Note that probabilities smaller than 0.001 are shown as 0.0.

This was originally an applet, but security concerns caused me to remove the applet. I've updated the code and changed it to an application. You can download both the source and an executable jar file below.

When one side has a high probability of being able to destroy ** all
** of the missles of the other side, the situation is said to be unstable.
This is true for two reasons.

- The side with the "first strike capability" might be tempted to strike
first in a tense situation, knowing that they had a high probability of destroying
the forces of the other side.
- More subtle, though, is the thinking of the weaker side. Knowing that the stronger side will be tempted to strike first, and knowing that the weaker side's force will likely be destroyed if that happens, the weaker side has an even stronger incentive to strike first, knowing that they have no way to strike second. This leads to the instability.

Therefore it can be bad for the stronger side to be too strong in some situations. Being too strong can actually decrease your own security.

Henry Kissenger has admitted after the fact that it was probably a mistake to "MIRV" the US misssles during the cold war as it led to such an instability.

- Does increasing your number of missles tend to increase or decrease stability?
- Does putting more warheads on each missle tend to increase or decrease stability?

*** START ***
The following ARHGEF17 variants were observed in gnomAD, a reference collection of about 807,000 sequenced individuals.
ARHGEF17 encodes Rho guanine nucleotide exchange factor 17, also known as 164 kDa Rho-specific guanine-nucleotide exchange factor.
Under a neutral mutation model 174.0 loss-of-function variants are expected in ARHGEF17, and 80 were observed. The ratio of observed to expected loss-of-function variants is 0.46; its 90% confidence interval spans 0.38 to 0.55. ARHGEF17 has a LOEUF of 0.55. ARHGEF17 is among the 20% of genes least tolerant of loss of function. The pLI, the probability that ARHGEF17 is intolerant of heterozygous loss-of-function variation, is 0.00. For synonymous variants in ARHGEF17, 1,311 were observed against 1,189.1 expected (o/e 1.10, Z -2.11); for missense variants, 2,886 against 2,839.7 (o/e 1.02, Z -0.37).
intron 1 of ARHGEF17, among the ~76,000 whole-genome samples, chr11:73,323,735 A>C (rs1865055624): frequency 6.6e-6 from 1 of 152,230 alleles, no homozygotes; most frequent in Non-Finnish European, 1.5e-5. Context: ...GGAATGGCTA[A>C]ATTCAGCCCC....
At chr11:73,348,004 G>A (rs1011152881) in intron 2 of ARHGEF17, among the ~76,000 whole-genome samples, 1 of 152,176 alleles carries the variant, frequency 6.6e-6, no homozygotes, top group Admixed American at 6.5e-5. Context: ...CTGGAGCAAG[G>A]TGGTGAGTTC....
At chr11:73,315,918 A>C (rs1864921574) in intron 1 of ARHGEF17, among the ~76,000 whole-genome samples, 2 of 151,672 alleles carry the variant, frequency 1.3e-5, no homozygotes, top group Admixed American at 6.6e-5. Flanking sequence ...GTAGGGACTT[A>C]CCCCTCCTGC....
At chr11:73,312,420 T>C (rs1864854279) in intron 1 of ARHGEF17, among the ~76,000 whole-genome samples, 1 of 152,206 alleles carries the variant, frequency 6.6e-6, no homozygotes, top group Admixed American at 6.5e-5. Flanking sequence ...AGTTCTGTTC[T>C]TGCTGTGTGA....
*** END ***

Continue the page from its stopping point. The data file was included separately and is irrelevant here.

- Does putting more warheads on each missle, while decreasing the number of missles to keep the number of warheads constant tend to increase or decrease stability?
- Does increasing the accuracy of your warheads tend to increase or decrease stability?
- Historically, what was the situation at the end of the cold war. Determine the number of missles and warheads per missle of the US and Soviet forces. Was the situation stable or unstable? Suppose the same number of missles had only one warhead each?

If the probability that one warhead can kill its target is .90 then the probability that it will not is 1 - .90 = .10.

If we send 3 warheads against the same target and none interfere with the
others, then the probability that they all miss is

(.10 * .10 * .10) = .001.

Therefore the probability that the target will be destroyed is 1-.001 = .999.

If we have 4 such targets, then the probability that all four will be destroyed
if we send 3 warheads against each of them (requiring 12 warheads) is

(.999 * .999 * .999 * .999) = .996

However, if there were 1000 such targets, then the probability that we would
destroy them all with three warheads each would be

(.999 ^ 1000) = .368.

where ^ is the exponentiation operator.

The first strike capability is computed from the formula

( 1 - ( ( 1 - killProbability) ^ warheadsPerTarget) ) ^ numberOfTargets

This work was done jointly by **Detrich Fischer** of Pace
University who developed the model, and **Joseph Bergin** of Pace
University who programmed it. This version was built using Visual Café
for the Macintosh from Symantec. An earlier version was done in Hypercard.

Last Updated: July 29, 2015